The choice of material that goes onto Twitter’s platform belongs to Twitter – not Trump, not Congress and not the courts.
By James Lake
It was 1974. The internet had not been invented. Phones were used for phone calls and nothing more. A “tweet” was a noise a bird made. And the U.S. Supreme Court issued an opinion that tells us Twitter was within its rights to ban tweets by Donald Trump.
The Supreme Court’s case began in Florida, where the Miami Herald decided to publish editorials critical of a candidate for the Florida Legislature. The newspaper accused Pat Tornillo of “kicking the public shin” and of “shakedown statesmanship.” Electing Tornillo, the Herald said, would be “inexcusable.” Tornillo sent the Herald replies and demanded the newspaper publish them. Tornillo cited an obscure Florida Statute that claimed to give political candidates a right of reply. If a newspaper criticized a candidate’s personal character or official record, the statute said, the candidate had a right to demand that the newspaper print the candidate’s reply to the criticism. When the Herald refused to publish the replies, Tornillo sued the newspaper.
The U.S. Supreme Court – including six justices appointed by Republican presidents – unanimously rejected Tornillo’s demand. “The choice of material to go into a newspaper,” the Court explained, “constitute[s] the exercise of editorial control and judgment. It has yet to be demonstrated how governmental regulation of this crucial process can be exercised consistent with the First Amendment guarantees of a free press.” Miami Herald Publ’g Co. v. Tornillo, 418 U.S. 241, 258 (1974). The Florida Statute’s requirement that the Herald print Tornillo’s submission, the Court concluded, violated the Herald’s First Amendment right to editorial control over its content.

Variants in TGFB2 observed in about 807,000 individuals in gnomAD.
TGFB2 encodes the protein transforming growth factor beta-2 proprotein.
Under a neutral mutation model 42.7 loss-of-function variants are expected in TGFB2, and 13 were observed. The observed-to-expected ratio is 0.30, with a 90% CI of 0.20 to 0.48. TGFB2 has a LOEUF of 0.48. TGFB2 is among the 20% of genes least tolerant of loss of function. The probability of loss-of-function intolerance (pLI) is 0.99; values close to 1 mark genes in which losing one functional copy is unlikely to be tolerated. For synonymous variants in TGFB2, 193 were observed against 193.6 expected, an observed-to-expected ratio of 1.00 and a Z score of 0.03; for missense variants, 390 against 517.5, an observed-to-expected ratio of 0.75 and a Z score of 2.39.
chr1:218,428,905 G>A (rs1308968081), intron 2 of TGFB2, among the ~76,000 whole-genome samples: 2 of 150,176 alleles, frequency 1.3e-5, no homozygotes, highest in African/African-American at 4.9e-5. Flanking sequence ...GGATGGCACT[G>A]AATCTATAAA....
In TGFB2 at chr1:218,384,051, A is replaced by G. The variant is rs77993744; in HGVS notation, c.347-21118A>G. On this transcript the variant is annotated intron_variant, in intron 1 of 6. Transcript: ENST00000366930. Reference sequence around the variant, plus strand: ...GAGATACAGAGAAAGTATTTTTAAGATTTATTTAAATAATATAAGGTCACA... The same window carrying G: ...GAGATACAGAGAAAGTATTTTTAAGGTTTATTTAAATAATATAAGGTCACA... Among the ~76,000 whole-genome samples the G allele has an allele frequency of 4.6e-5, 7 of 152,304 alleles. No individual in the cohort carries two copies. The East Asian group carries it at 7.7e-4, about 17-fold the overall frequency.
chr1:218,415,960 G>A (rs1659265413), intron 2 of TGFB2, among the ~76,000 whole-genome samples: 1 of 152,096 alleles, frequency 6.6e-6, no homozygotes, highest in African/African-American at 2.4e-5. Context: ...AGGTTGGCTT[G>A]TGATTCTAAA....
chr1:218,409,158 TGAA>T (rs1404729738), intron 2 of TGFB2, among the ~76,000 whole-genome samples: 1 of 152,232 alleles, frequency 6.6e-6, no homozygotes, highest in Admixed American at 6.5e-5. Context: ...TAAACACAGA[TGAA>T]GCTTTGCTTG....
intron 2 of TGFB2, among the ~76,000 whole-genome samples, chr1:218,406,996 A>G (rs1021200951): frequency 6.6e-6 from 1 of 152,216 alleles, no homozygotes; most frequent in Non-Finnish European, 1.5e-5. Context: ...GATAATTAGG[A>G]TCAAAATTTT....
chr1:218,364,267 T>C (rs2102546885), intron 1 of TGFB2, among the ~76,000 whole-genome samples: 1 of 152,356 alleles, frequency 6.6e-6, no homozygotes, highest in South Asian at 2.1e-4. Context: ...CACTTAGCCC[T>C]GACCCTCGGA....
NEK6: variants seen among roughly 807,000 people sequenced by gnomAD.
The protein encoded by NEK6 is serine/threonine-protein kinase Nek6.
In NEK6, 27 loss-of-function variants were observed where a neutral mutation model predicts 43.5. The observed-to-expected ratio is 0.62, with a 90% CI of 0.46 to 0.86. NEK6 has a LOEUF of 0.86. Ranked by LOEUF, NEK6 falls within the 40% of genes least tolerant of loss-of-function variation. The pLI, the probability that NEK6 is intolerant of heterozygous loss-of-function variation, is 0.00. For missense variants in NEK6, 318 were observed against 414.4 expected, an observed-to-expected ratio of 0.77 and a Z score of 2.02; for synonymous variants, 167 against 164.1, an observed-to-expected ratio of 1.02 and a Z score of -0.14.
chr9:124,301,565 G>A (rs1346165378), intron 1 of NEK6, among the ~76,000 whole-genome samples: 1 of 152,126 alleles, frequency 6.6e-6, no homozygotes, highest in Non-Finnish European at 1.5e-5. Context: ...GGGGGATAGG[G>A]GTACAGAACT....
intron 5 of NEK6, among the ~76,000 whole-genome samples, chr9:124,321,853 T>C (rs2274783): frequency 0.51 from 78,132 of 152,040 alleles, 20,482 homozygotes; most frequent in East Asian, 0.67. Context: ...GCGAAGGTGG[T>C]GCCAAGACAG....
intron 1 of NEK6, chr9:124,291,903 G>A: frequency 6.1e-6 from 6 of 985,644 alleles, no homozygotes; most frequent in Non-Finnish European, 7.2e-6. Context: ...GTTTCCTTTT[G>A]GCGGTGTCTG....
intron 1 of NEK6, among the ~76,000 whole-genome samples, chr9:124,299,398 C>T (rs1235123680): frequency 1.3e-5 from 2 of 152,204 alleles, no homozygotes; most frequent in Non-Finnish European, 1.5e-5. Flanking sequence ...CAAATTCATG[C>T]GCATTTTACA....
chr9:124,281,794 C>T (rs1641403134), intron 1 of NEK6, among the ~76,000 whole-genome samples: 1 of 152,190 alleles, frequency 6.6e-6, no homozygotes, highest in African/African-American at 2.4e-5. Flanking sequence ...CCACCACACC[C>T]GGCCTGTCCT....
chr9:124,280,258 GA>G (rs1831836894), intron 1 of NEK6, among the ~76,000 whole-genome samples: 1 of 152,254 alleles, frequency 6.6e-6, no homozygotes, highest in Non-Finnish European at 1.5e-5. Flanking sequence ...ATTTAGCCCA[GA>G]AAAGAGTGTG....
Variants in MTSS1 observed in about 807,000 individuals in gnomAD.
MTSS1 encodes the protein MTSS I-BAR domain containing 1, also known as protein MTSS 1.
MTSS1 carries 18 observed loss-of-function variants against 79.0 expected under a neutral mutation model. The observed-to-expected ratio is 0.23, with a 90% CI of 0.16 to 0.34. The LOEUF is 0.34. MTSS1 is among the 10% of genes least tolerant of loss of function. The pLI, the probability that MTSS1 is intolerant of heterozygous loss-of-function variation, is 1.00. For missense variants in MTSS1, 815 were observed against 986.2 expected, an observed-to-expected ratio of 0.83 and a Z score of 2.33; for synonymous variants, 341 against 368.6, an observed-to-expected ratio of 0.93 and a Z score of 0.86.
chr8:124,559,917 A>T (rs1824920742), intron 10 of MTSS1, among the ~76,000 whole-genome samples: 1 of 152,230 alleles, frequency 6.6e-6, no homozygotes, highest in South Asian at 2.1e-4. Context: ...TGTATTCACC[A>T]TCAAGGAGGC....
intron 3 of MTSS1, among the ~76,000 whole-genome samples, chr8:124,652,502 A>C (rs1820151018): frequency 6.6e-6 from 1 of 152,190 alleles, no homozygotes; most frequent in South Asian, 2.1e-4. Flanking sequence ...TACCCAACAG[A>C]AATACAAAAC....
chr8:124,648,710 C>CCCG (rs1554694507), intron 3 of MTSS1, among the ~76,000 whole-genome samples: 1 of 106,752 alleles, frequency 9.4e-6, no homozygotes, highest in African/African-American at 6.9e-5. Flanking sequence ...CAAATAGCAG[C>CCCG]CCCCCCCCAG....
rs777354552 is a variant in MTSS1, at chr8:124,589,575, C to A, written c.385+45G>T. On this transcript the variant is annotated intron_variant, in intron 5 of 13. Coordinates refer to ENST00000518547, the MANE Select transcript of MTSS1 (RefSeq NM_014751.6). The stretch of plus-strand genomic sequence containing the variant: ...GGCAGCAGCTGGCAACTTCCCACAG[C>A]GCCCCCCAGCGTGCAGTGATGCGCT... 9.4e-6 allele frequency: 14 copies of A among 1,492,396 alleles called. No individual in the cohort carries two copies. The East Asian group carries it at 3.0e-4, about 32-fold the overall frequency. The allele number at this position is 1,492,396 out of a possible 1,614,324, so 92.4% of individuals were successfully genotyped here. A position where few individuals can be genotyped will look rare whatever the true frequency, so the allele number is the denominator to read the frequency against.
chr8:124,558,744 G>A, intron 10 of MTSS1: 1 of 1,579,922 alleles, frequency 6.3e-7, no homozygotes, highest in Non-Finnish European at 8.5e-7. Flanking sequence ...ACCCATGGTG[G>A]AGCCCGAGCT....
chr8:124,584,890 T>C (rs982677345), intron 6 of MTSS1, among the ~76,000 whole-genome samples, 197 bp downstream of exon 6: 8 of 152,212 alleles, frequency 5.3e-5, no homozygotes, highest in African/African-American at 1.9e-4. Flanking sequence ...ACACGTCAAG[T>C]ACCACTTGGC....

The freedom the Tornillo decision recognized also protects Twitter, Facebook, Instagram, and any other publisher that decides not to share another person’s speech. The choice of material that goes onto Twitter’s platform belongs to Twitter – not Trump, not Congress and not the courts.
What about Section 230, a federal statute that addresses content on social media and websites? A statute cannot change the First Amendment. And that statute doesn’t. Section 230 generally gives Internet companies a defense against lawsuits challenging content that users create and submit. For example, Section 230 would require a court to dismiss a lawsuit against Twitter by Dominion Voting Systems objecting to tweets by pro-Trump lawyers. Dominion could sue the lawyers, Section 230 says, but not Twitter.
But Section 230 does not require Twitter to publish those tweets in the first place. Under Section 230 and the Tornillo decision, Twitter is free to accept those tweets or reject them.
Critics of Twitter complain that’s unfair, that social media platforms should be open for all. The First Amendment says otherwise, that government can’t force Twitter to accept every tweet. Freedom of speech belongs to everyone – even Internet companies. Those who don’t like Twitter’s rules or decisions are free to use other Internet platforms, to create their own websites, to start text message groups, to send mass emails, to place newspaper ads, or to buy radio or television time. But they don’t have legal grounds to compel private companies to share their speech.